The vice president for conferences and tutorials is Yervant Zorian, vice president and chief scientist of Virage Logic and chief technology advisor of LogicVision. Stephanie M. White, a professor of computer science and management engineering in the College of Information and Computer Science, Long Island University, is the vice president for technical activities. Christina M. Schober, a product team leader/staff engineer at Honeywell Sensor Guidance Products Division, is vice president for chapters activities. Murali R. Varanasi, a professor of computer science and engineering at the University of North Texas College of Engineering, is the vice president for educational activities. Susan K. (Kathy) Land, a software engineering section manager for Northrop Grumman in Huntsville, Ala., is vice president for standards.

The Board secretary is Stephen B. Seidman, dean of the College of Computing Sciences at the New Jersey Institute of Technology; the treasurer is Rangachar Kasturi, the Hood Professor and chair of computer science and engineering at the University of South Florida. As prescribed by Society bylaws, Computer's editor in chief, Doris L. Carver, the associate vice chancellor of Research and Graduate Studies and a professor of computer science at Louisiana State University, is also a member of the Executive Committee.

In addition to David W. Hennnage, Executive Director of the Computer Society, the three members of the IEEE Board of Directors elected by Society members serve as nonvoting members of the Executive Committee: 2005-2006 IEEE Division VIII Director Steve Diamond, who completed his term as one of the Society's "three Ps"—the current president, the immediate past president, and the president-elect—in 2004; Gene F. Hoffnagle, the research and technology strategist for IBM's Centers for Advanced Studies, IEEE Division V Director; and Oscar N. Garcia, a professor and founding dean of the college of engineering at the University of North Texas.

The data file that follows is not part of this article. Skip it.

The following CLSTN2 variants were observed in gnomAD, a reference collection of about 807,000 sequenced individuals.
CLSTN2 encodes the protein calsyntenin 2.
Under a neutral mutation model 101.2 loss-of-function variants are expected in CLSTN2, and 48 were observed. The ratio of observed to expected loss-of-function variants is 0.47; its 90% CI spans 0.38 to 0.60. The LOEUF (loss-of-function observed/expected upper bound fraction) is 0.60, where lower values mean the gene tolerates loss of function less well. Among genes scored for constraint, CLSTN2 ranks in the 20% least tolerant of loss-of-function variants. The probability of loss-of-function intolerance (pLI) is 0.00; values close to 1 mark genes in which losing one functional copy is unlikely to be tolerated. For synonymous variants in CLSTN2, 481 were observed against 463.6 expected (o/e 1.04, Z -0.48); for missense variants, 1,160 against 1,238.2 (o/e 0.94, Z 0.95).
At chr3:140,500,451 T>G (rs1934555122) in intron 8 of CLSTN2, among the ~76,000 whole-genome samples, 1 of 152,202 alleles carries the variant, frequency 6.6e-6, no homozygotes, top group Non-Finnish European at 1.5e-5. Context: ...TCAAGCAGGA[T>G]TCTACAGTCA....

In 2005, Jean M. Bacon and George V. Cybenko will return for their second terms as members of the Board of Governors. Newly elected to the Board are the following individuals: Richard A. Kemmerer, Susan K. (Kathy) Land, Itaru Mimura, Brian M. O'Connell, and Christina M. Schober. In a special election conducted during the Board of Governors meeting in November, Jim Isaak and Rohit Kapur were selected to fill vacancies on the Board.